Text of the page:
Thiruvananthapuram: Trees do not wear bras, and that happens to be one of the many reasons why author Sumana Roy wanted to become a tree.
Excerpts from her book How I Became a Tree’ were read in sympathy to an audience which mostly consisted of women at ‘Nature Lines’, a reading session conducted by the collective ‘Tree Walk’.
Writer O.V. Usha, who was among the attentive listeners, remarked after the session that, “the book has a silent protest; and silent politics within.”
The work, published last year, was never positioned as a book on feminism. But Tree Walk coordinator Anitha Sharma points out how she chose to begin the book with the sentence on bras. “The book is not just about trees. She introduces you to so many concepts,” she says.
For example, when she says that her fatal flaw is kindness, she talks about the society’s tendency to look down upon poverty, as if it were a disqualification.
‘Nature Lines’, devoted to books on nature and trees, was first conducted in 2014.
But Tree Walk has conducted other reading sessions. When they read Shel Silverstein’s The Giving Tree at ‘Mahila Siksha Kendra’ at Marayoor, tribal children teared up, despite not knowing all the Malayalam words the narrators used, according to ecologist Shanthi S.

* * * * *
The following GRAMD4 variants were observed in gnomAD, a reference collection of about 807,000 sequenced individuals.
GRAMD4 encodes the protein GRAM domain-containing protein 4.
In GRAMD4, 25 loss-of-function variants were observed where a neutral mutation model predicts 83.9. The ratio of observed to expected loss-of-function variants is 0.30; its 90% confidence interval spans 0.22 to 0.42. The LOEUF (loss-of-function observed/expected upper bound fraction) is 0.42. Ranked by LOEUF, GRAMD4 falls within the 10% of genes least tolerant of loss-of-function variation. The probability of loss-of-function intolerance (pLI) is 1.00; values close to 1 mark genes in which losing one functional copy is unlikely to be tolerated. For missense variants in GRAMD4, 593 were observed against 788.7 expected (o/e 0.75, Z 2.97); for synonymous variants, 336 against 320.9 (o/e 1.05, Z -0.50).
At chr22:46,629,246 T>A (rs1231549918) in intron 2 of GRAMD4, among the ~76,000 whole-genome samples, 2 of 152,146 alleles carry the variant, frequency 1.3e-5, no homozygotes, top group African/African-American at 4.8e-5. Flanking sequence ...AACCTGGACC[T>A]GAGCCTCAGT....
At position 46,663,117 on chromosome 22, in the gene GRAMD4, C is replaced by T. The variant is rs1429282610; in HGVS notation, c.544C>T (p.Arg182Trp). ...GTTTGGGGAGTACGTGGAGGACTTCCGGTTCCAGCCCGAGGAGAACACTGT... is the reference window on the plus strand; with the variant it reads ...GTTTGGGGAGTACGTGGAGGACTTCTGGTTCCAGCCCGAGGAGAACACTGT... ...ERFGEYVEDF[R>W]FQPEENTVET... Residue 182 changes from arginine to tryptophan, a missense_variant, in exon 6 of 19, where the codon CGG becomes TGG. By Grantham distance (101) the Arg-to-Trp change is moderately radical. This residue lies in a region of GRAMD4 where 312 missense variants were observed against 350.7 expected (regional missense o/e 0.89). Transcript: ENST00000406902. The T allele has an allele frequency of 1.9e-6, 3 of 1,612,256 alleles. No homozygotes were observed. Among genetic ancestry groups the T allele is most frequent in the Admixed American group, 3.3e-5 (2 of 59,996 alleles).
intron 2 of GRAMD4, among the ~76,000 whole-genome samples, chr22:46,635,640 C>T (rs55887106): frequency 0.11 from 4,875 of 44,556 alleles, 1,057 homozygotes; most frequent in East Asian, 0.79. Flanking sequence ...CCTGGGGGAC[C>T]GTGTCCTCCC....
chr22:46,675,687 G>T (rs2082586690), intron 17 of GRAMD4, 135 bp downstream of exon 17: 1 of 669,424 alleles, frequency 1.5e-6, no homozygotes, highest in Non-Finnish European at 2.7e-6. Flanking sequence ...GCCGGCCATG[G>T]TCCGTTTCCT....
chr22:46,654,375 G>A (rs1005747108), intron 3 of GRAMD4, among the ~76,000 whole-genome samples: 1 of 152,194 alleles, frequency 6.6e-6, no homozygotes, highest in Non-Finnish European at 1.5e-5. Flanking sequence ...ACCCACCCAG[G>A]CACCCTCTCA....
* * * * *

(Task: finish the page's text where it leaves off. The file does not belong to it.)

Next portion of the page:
It is about a tree which keeps giving everything that the man asks, even if that means it has to sacrifice itself. The book was read silently on Saturday. Environmentalist Anandi Ramachandran said she was on the verge of crying.
During the session, tree-shaped cloth broaches made by an Ahmedabad-based designer Medha Bhatt Ganguly were given to those present.
O.V. Usha said that after the session, she felt as if everyone there became one, like a single organism. The collective plans to conduct many more ‘Nature Lines’ sessions in the future.